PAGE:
lost cause, a

lost cause

Something that has no or a very low chance of succeeding or turning out well. The general gave orders to surrender as soon as he saw the battle was a lost cause. Trying to keep a clean house with three young children is a lost cause.
See also: cause, lost

lost cause

a futile attempt; a hopeless matter. Our campaign to have the new party on the ballot was a lost cause. Todd gave it up as a lost cause.
See also: cause, lost

lost cause

A hopeless undertaking, as in Trying to get him to quit smoking is a lost cause. In the 1860s this expression was widely used to describe the Confederacy. [Mid-1800s] Also see losing battle.
See also: cause, lost

a lost cause

COMMON If something or someone is a lost cause, they are certain to fail and it is impossible to help them or make them succeed. It would have been all too easy to write this dog off as a lost cause, his trauma was so severe. He tried shouting for help, but he knew it was a lost cause.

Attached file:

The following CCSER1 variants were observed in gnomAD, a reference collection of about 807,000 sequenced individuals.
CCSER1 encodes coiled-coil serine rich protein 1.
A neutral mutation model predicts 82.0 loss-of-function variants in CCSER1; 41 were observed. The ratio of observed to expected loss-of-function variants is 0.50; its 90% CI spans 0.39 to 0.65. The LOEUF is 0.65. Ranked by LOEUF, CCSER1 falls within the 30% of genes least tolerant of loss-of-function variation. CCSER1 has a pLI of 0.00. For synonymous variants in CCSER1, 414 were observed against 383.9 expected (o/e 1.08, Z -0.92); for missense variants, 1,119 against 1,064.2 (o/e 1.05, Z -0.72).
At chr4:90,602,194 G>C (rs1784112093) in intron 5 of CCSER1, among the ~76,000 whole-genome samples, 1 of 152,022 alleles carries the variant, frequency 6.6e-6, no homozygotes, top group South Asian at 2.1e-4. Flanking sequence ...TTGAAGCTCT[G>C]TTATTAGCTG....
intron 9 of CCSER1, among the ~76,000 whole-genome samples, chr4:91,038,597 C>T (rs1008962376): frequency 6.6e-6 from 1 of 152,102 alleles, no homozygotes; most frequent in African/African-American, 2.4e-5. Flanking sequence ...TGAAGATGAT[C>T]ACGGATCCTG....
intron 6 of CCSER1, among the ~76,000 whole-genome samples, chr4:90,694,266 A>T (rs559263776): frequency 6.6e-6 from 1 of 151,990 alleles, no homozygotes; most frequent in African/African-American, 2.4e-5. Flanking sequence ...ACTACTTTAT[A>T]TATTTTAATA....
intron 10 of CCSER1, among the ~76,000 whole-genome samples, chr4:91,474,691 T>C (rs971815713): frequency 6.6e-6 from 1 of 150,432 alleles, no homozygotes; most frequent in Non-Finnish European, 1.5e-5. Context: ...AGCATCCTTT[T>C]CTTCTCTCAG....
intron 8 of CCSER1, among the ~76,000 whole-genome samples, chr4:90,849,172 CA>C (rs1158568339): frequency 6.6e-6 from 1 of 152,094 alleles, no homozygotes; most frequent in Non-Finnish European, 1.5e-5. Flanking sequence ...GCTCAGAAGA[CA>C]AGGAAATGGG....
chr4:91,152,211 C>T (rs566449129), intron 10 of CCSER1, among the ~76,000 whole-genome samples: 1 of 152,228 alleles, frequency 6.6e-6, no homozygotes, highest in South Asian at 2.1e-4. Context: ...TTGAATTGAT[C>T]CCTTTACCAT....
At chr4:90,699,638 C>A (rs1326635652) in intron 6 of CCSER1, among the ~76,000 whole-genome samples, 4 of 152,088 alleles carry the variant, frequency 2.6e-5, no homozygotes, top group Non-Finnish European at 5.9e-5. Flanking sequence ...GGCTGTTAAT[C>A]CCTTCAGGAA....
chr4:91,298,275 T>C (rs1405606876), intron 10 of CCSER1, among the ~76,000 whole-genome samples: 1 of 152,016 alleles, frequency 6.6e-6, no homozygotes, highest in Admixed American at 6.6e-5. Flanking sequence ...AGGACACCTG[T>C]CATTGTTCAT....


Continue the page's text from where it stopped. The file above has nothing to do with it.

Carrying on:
See also: cause, lost

a lost ˈcause

an ambition, project or aim which seems certain to end in failure: For many years he supported the development of the electric car, but he now thinks it’s a lost cause.Trying to help him to improve his pronunciation is a lost cause.
See also: cause, lost

lost cause

n. a hopeless or worthless thing or person. The whole play began to wash out during the second act. It was a lost cause by the third.
See also: cause, lost

lost cause, a

An undertaking doomed to fail. Two early uses of this term date from the 1860s. An item in the New York Herald of July 2, 1868, referred to the cause of the South in the American Civil War as “a lost cause.” The quotation marks appeared in the article, indicating that the writer may have been quoting a familiar phrase or perhaps Matthew Arnold’s description of Oxford University as “the home of lost causes” (in Essays in Criticism, 1865).
See also: lost